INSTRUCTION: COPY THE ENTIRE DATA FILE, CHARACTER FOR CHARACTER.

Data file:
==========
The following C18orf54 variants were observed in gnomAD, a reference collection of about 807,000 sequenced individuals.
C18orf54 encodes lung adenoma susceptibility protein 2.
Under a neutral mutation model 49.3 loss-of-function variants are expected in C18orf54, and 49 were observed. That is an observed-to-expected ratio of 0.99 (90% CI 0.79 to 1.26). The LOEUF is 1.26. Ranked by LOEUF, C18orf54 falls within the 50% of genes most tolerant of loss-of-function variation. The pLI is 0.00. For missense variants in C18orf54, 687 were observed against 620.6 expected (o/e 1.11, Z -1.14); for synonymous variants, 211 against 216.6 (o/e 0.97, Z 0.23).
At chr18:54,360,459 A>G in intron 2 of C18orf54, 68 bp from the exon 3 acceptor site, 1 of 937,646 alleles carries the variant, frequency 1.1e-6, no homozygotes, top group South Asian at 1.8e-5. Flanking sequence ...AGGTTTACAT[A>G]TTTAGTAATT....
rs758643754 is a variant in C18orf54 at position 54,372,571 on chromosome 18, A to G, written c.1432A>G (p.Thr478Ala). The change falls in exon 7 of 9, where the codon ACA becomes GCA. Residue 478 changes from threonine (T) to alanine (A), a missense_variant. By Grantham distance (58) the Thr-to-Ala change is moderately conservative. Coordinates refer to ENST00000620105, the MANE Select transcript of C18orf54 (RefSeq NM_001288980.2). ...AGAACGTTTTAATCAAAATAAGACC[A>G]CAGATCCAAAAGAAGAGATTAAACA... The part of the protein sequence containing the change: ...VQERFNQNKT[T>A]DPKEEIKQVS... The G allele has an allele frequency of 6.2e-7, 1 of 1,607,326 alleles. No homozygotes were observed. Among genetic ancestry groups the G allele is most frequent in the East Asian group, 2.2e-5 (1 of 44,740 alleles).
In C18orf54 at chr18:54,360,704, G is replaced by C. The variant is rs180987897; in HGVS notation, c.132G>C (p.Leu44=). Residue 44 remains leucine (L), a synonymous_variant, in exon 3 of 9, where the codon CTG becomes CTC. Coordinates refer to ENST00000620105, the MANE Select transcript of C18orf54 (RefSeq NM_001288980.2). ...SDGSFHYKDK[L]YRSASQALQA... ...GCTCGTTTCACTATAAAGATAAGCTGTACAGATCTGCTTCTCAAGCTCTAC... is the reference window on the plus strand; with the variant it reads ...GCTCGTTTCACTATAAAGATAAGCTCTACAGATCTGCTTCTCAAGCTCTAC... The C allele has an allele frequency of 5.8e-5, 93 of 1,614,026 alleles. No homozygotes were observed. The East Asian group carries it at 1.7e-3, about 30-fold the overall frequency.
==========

The following C18orf54 variants were observed in gnomAD, a reference collection of about 807,000 sequenced individuals.
C18orf54 encodes lung adenoma susceptibility protein 2.
Under a neutral mutation model 49.3 loss-of-function variants are expected in C18orf54, and 49 were observed. That is an observed-to-expected ratio of 0.99 (90% CI 0.79 to 1.26). The LOEUF is 1.26. Ranked by LOEUF, C18orf54 falls within the 50% of genes most tolerant of loss-of-function variation. The pLI is 0.00. For missense variants in C18orf54, 687 were observed against 620.6 expected (o/e 1.11, Z -1.14); for synonymous variants, 211 against 216.6 (o/e 0.97, Z 0.23).
At chr18:54,360,459 A>G in intron 2 of C18orf54, 68 bp from the exon 3 acceptor site, 1 of 937,646 alleles carries the variant, frequency 1.1e-6, no homozygotes, top group South Asian at 1.8e-5. Flanking sequence ...AGGTTTACAT[A>G]TTTAGTAATT....
rs758643754 is a variant in C18orf54 at position 54,372,571 on chromosome 18, A to G, written c.1432A>G (p.Thr478Ala). The change falls in exon 7 of 9, where the codon ACA becomes GCA. Residue 478 changes from threonine (T) to alanine (A), a missense_variant. By Grantham distance (58) the Thr-to-Ala change is moderately conservative. Coordinates refer to ENST00000620105, the MANE Select transcript of C18orf54 (RefSeq NM_001288980.2). ...AGAACGTTTTAATCAAAATAAGACC[A>G]CAGATCCAAAAGAAGAGATTAAACA... The part of the protein sequence containing the change: ...VQERFNQNKT[T>A]DPKEEIKQVS... The G allele has an allele frequency of 6.2e-7, 1 of 1,607,326 alleles. No homozygotes were observed. Among genetic ancestry groups the G allele is most frequent in the East Asian group, 2.2e-5 (1 of 44,740 alleles).
In C18orf54 at chr18:54,360,704, G is replaced by C. The variant is rs180987897; in HGVS notation, c.132G>C (p.Leu44=). Residue 44 remains leucine (L), a synonymous_variant, in exon 3 of 9, where the codon CTG becomes CTC. Coordinates refer to ENST00000620105, the MANE Select transcript of C18orf54 (RefSeq NM_001288980.2). ...SDGSFHYKDK[L]YRSASQALQA... ...GCTCGTTTCACTATAAAGATAAGCTGTACAGATCTGCTTCTCAAGCTCTAC... is the reference window on the plus strand; with the variant it reads ...GCTCGTTTCACTATAAAGATAAGCTCTACAGATCTGCTTCTCAAGCTCTAC... The C allele has an allele frequency of 5.8e-5, 93 of 1,614,026 alleles. No homozygotes were observed. The East Asian group carries it at 1.7e-3, about 30-fold the overall frequency.